In retrospect, the sensible thing would have been to buy an Gen 7 HP Microserver, but when I started out, I didn’t have as much information as I do now. I was drawn to a $95 bundle on NewEgg that included a Cooler Master Elite 130 Case, a ASRock AM1B-ITX mini-ITX motherboard, and an AMD Sempron 3850 quad-core Kabini APU. I thought I’d have a system ready for my existing drives for just $150.

I was shocked by the price of RAM, and irritated with the limited options for low-wattage, efficient power supplies. After much dithering, I realized that the hours I was wasting dithering over my sub-optimal choices was more valuable than just spending an extra ~$50. So I found the best price I could on 4GB of DDR3-1600 RAM, added a 90w pico-PSU + an efficient 80w, 12v AC-DC power brick and got on with the build.

The parts arrived in short order, but once I saw the size of the case, I realized I was going to need to rethink things. The Cooler Master Elite 130 is well made and quite compact for a case that can take a full-sized video card, optical drive, ATX PSU and a CPU with a big heatsink/fan combination on top. Its pretty huge though for a machine with an external power brick and two hard drives. I started looking for other options and wasn’t too happy with what I found.

As far as I can tell, cases with just enough room for an mini-ITX motherboard and two 3.5″ HDDs don’t really exist, or if they do, they are bigger than I’d like and cost more than I wanted to spend. I started to consider cases with room for more drives. Most of them were about as big as the Elite 130, which could hold 3 full sized drives along with some 2.5″ drives, but it was still bigger than I wanted.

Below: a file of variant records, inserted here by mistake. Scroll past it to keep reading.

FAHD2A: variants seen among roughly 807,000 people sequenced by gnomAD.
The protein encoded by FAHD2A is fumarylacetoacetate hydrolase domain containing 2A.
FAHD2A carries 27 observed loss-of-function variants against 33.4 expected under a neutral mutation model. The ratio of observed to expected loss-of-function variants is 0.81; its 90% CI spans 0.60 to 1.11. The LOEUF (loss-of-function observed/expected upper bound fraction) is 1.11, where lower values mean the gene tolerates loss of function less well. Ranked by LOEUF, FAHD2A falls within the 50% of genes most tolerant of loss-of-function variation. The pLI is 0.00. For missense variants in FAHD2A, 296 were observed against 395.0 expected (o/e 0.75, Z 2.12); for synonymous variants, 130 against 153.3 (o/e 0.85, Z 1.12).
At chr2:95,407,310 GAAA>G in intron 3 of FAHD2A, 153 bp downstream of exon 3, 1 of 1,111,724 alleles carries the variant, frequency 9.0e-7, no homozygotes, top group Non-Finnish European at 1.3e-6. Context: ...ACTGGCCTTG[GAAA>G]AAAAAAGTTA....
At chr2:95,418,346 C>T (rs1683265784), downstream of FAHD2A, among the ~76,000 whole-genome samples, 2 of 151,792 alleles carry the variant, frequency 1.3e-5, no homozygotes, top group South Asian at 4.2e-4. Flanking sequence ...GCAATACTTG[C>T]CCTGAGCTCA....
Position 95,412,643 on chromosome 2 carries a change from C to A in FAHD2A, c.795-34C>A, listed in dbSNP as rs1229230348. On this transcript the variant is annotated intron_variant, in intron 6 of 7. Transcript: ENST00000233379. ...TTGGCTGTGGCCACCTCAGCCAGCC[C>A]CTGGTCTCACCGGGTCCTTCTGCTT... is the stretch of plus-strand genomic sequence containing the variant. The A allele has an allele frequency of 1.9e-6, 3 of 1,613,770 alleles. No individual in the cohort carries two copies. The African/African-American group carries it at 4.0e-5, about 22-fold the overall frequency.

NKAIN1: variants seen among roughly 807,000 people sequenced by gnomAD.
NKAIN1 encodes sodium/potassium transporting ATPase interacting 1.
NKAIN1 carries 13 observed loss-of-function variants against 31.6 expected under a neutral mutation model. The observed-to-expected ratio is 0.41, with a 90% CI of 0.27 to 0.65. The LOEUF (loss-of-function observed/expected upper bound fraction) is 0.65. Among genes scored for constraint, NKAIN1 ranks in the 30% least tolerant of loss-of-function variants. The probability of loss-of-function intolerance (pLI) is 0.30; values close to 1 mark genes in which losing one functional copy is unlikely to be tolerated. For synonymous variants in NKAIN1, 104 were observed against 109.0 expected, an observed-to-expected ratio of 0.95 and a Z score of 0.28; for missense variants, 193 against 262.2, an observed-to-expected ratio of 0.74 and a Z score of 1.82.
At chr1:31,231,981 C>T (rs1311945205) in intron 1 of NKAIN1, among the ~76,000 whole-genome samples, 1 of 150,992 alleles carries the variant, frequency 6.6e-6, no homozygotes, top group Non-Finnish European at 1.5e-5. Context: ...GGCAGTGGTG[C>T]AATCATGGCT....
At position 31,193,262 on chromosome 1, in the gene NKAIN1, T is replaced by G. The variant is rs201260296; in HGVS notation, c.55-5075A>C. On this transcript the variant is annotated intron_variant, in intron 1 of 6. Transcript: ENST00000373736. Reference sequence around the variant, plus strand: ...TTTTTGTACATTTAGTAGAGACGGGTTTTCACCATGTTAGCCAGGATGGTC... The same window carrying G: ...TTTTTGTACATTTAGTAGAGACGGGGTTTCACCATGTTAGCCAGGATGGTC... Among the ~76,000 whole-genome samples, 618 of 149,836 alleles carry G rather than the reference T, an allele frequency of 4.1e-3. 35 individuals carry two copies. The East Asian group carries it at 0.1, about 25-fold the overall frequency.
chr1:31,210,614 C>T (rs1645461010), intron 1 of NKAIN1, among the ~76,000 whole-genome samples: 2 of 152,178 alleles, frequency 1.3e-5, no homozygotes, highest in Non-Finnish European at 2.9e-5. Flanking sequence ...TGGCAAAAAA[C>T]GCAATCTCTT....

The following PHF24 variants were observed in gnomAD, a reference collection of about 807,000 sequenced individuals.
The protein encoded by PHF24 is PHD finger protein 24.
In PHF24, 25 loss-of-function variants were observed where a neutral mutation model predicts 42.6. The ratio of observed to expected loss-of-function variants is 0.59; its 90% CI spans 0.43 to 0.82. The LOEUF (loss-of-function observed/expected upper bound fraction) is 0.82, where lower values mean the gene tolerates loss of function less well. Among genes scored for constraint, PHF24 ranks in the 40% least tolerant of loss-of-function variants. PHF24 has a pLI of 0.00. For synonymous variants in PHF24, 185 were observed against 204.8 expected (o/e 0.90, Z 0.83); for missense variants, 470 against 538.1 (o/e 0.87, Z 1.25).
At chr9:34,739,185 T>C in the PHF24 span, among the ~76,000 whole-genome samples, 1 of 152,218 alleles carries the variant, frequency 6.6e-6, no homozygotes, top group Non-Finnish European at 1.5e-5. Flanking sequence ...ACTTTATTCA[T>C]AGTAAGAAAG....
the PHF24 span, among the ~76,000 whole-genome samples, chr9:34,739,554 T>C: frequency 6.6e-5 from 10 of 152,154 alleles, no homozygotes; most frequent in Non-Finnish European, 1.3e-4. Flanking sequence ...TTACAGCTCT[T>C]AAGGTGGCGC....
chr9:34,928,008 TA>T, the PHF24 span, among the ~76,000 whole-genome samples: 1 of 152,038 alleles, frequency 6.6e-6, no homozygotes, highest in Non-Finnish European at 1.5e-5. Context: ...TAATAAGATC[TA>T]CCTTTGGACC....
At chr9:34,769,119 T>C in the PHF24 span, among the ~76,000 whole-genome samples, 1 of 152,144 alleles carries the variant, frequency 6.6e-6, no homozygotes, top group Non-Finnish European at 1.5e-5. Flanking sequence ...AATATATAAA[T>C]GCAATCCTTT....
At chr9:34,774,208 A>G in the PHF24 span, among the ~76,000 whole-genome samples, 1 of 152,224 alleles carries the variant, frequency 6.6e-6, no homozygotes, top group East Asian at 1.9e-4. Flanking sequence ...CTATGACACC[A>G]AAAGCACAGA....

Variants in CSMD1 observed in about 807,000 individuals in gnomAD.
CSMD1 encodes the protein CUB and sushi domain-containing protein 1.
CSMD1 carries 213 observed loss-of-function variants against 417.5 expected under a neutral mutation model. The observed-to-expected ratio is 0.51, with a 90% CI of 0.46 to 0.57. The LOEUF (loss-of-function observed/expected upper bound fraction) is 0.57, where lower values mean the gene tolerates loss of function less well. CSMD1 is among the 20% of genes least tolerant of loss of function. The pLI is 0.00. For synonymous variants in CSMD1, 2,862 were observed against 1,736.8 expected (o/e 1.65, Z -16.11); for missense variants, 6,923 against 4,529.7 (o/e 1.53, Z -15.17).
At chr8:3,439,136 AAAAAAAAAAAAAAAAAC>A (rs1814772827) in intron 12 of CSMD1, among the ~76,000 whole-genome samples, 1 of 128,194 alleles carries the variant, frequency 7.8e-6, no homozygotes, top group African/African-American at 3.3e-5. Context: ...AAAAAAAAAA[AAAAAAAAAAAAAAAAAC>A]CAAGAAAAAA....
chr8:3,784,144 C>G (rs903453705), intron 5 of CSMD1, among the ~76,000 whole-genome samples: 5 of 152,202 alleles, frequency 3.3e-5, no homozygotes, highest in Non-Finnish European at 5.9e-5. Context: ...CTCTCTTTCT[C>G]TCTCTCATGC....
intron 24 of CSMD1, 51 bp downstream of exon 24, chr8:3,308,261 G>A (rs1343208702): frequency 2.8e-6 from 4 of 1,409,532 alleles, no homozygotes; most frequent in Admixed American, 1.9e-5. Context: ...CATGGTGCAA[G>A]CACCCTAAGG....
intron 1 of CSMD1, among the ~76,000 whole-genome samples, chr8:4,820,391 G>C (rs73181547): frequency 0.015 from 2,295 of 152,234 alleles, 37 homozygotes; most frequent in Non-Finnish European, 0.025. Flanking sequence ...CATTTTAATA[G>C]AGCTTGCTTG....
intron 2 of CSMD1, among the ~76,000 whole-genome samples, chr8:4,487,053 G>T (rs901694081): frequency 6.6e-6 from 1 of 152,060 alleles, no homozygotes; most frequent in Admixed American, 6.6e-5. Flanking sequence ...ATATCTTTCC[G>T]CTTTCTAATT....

I also considered building my own case, and quickly rejected the idea, but kept returning to it over and over. Again, I decided to loosen the purse-strings to save time and energy, but there just weren’t many choices. I didn’t need hot-swap drive bays, but most of the small cases came with them. I finally settled on the Norco ITX-S4 case for $100.

At about this time I got a notification about a special price on the HP Microservers. The cost was ~$270. For that price, I got the whole machine, including 2GB of ECC protected RAM, ready for my hard drives. It was too late though, I was already in for $200. I bit the bullet and ordered the Norco case. Since I had the room for it in the case, I decided to move up my plan to use an SSD as a cache drive to speed up performance, and bought a a 256GB Crucial MX100 for $110.

Soon thereafter, the Microserver went on special at least two more times, but now I was in for $300 (not including the SSD). The ECC memory would have been nice though, and I seriously considered setting aside the  CPU, motherboard and RAM I already had and buying something that supported ECC. After spending, again, much too much time determining my options, I decided against it, because it would have cost another $300 or so, and my limit was $200.